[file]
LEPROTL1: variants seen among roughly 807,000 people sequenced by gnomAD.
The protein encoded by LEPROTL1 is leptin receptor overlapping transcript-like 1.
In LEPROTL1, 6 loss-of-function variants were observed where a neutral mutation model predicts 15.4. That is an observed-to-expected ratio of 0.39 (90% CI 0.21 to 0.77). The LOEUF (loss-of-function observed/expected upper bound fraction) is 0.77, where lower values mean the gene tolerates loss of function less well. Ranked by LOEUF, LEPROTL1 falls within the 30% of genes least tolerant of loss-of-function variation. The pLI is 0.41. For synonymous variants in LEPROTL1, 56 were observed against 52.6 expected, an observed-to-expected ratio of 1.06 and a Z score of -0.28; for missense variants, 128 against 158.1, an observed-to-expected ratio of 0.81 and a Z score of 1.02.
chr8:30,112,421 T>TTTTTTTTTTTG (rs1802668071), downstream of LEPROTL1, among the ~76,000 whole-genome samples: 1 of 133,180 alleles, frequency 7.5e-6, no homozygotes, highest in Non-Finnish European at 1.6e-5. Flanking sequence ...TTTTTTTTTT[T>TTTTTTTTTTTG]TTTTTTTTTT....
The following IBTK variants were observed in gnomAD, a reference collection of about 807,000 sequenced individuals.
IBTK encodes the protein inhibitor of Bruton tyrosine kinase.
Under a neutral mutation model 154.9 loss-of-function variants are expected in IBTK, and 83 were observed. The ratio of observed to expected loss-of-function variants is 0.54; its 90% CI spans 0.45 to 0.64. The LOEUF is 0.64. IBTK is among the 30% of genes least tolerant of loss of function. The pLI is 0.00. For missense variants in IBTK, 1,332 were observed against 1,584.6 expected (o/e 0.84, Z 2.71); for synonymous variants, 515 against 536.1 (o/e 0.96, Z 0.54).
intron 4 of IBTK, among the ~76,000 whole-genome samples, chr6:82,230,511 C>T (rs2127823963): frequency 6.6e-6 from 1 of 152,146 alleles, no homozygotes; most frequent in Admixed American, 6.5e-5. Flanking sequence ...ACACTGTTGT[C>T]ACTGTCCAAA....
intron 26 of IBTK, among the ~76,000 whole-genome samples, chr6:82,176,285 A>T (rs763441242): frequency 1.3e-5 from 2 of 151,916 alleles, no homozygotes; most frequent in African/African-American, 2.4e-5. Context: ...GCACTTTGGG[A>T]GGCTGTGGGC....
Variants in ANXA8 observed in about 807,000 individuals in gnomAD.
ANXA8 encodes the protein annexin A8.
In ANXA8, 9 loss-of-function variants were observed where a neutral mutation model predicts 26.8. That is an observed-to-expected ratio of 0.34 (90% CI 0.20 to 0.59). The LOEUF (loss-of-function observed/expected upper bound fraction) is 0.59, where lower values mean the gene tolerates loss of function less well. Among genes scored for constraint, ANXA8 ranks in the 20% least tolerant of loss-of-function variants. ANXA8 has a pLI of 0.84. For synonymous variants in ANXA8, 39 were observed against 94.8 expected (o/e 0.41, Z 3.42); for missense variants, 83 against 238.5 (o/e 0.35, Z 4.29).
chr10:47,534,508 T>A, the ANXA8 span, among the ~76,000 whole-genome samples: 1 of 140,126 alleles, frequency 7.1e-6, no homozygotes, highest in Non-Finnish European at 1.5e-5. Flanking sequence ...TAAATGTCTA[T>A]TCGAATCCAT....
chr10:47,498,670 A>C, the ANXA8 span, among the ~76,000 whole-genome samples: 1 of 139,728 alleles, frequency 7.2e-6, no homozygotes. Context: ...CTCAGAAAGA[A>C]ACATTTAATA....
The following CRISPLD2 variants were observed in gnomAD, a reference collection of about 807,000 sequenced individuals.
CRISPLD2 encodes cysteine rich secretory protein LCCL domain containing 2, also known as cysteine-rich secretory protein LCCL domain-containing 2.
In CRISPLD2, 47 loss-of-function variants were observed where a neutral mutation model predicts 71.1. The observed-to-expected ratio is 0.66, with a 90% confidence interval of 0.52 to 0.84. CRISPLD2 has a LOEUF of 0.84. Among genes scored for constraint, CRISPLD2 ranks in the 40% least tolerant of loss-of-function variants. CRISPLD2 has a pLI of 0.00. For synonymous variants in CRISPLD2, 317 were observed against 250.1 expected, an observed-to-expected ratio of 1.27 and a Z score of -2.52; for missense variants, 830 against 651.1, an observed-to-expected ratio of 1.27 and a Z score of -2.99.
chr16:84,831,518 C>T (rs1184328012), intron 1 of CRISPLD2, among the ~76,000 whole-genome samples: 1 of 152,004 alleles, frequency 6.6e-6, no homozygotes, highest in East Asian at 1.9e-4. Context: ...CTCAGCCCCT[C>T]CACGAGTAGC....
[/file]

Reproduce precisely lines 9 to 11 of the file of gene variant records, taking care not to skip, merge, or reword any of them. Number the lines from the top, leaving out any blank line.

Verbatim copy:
intron 26 of IBTK, among the ~76,000 whole-genome samples, chr6:82,176,285 A>T (rs763441242): frequency 1.3e-5 from 2 of 151,916 alleles, no homozygotes; most frequent in African/African-American, 2.4e-5. Context: ...GCACTTTGGG[A>T]GGCTGTGGGC....
Variants in ANXA8 observed in about 807,000 individuals in gnomAD.
ANXA8 encodes the protein annexin A8.